Dow Jones Industrial Average
fell Friday, after major U.S. banks reported fourth-quarter earnings. The market didn’t seem to take too kindly to the reports—and economic data also disappointed.
The Dow slid 202 points, or 0.6%, on Friday, after the index fell 176 points Thursday. The
rose 0.1%, while the technology-heavy
—which tumbled 2.5% Thursday as technology stocks in particular came under pressure—gained 0.6%.
(ticker: JPM) reported a profit of $3.33 a share, beating estimates of $3.01 a share on revenue of $30.35 billion, above expectations for $29.9 billion. The bank released $1.8 billion of loan loss reserves, without which the company would have missed earnings estimates. The stock fell 6.2%, after rising 5.7% for the month leading into earnings.
(WFC) reported a profit of $1.38 a share, beating estimates of $1.13 a share on revenue of $20.9 billion, above expectations for $18.8 billion. The stock gained 3.7%. The stock had been up 14.5% for the month leading into earnings.
The company cited “soft demand” as one reason that loan balances were lower. Though the firm didn’t expand on that in its earnings release, markets do not want to see higher interest rates coinciding with weakening loan demand.
(C) reported a profit of $1.46 a share, beating estimates of $1.38 a share, on revenue of $17 billion, above expectations for $16.8 billion. The bank’s loans stood at $668 billion, down 1% year-over-year. Citi stock fell 1.3%, after rising 9% for the month leading into earnings.
Markets were also sifting through economic data Friday. Retail sales fell1.9% month-over-month in December, missing expectations for a 0.1% decline and sharply dropping off from a 0.3% rise in November.
“While the overall level of retail sales is high and remains strong, the December blip is likely influenced by consumers buying early, fearing well published reports of supply shortages and delivery concerns and the inability of retailers to deliver goods timely for Christmas,” wrote Jamie Cox, managing partner for Harris Financial Group.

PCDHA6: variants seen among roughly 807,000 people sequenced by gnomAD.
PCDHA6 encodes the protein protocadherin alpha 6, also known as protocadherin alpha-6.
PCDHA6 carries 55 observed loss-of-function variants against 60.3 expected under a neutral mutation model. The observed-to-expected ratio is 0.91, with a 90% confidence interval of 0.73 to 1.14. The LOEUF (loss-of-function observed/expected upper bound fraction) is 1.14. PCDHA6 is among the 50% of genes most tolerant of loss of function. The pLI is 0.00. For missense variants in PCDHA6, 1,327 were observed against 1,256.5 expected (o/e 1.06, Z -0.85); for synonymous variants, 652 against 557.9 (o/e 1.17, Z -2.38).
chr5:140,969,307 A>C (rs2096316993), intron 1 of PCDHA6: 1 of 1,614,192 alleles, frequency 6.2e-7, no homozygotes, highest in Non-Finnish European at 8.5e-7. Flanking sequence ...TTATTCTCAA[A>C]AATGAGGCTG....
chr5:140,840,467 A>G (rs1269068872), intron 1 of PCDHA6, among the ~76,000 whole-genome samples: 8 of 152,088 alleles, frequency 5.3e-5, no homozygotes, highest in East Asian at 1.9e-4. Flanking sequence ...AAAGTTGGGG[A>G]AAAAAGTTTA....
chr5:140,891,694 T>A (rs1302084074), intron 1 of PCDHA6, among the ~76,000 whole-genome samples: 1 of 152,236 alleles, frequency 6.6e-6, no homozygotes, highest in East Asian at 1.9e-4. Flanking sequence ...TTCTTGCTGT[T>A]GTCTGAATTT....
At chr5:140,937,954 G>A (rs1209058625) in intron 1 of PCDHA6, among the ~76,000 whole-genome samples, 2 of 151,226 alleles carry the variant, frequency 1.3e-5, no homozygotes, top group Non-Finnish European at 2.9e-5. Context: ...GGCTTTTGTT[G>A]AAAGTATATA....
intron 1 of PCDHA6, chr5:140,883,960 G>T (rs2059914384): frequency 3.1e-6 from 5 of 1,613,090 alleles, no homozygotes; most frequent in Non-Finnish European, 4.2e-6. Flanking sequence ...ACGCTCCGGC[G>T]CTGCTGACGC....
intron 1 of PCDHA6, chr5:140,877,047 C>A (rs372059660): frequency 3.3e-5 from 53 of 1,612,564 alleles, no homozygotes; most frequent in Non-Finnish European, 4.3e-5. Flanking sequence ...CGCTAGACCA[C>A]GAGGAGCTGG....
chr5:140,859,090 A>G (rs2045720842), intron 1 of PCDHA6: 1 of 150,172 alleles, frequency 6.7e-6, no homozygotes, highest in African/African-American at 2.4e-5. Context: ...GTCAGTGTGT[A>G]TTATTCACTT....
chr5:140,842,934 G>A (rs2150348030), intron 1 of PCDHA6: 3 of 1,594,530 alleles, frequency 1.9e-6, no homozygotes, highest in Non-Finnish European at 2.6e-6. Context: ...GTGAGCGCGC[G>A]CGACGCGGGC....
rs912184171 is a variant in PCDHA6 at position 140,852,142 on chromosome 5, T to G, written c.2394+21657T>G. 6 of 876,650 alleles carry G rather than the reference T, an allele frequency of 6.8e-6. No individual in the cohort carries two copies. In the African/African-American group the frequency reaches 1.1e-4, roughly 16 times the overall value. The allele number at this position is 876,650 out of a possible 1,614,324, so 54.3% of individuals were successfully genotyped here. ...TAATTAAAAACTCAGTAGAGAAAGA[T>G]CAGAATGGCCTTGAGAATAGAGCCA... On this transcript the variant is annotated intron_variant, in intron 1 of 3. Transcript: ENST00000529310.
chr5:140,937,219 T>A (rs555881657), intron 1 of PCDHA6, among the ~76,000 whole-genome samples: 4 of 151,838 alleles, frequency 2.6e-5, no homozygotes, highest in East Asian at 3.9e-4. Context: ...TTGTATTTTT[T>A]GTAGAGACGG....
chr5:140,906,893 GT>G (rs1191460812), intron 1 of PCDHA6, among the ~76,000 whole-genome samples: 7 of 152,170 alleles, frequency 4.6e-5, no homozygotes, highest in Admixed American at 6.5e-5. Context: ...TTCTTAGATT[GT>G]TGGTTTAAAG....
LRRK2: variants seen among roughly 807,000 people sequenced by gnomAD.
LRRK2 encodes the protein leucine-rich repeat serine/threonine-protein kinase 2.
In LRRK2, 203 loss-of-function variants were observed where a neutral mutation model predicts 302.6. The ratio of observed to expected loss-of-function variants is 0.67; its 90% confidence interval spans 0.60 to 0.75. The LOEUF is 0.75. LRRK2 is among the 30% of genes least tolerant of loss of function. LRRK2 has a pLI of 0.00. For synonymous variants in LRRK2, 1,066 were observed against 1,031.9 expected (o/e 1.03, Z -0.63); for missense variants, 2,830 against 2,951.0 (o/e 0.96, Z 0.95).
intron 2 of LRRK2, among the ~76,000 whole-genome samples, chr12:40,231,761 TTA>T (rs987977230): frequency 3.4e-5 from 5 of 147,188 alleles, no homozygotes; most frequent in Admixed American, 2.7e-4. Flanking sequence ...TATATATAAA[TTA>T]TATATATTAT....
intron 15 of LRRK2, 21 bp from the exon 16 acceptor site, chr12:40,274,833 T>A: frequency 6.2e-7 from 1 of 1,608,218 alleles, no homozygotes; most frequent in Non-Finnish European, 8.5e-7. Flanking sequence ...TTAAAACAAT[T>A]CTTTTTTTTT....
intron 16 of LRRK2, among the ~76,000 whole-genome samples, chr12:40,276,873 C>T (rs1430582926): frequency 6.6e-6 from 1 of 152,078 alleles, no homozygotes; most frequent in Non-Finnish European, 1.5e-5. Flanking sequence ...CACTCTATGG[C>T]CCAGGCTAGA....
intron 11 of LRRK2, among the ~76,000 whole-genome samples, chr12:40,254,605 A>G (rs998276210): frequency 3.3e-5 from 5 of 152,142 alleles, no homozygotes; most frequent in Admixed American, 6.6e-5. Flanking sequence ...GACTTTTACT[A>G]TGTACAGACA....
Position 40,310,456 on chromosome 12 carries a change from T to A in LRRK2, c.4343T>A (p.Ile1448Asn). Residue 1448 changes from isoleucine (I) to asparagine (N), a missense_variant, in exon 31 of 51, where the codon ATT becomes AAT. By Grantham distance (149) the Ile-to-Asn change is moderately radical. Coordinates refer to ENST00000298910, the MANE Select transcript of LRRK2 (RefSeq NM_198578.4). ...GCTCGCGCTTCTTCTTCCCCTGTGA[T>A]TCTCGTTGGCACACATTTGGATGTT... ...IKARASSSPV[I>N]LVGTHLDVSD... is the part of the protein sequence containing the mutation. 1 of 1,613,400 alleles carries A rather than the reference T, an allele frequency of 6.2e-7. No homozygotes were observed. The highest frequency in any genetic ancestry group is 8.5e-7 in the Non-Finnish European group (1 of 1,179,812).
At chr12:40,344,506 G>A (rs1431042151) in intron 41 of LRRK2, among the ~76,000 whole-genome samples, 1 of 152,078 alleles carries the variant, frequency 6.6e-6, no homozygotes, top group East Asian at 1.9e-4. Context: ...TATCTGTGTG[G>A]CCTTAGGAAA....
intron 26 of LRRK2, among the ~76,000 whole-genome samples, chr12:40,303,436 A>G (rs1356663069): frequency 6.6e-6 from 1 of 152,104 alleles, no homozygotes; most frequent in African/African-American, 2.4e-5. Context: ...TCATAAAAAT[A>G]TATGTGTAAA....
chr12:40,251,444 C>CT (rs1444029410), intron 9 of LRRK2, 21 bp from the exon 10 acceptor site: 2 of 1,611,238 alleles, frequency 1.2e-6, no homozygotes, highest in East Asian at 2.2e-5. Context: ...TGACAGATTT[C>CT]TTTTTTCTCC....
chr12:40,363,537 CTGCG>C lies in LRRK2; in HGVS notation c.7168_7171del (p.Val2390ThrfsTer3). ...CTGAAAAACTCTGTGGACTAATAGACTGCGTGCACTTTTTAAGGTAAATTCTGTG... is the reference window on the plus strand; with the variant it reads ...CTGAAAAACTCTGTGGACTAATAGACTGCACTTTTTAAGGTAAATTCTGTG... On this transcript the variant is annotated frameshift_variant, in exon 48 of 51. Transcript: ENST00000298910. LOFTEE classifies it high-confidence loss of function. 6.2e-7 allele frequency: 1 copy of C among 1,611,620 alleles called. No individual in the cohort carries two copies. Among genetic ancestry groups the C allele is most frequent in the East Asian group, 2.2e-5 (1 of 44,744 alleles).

A harsh dropoff in retail spending seems highly plausible. Core retail sales spending had been running at an annual rate of almost $420 billion in late 2021, according to 22VResearch. That’s almost 25% higher than the pre-Covid trend, so in recent months it has been falling back downward.
That’s not a pretty sight for stock investors, but markets will watch to see if the weak retail sales results will become a problem for broader economic growth or if it means consumers are starting to shift their spending from goods to services, results of which have been hurt by the pandemic.
“The retail sales number was ugly, there’s no getting around it,” said Cliff Hodge, chief investment officer at Cornerstone Wealth.
Industrial production fell 0.1% month-over-month in December, lower than the forecast of a 0.3% gain.
The stock market is in the process of reflecting higher interest rates and less liquidity injected into markets from the Federal Reserve, which is now projected to raise interest rates three times this year and reduce the size of its balance sheet at some point to combat inflation.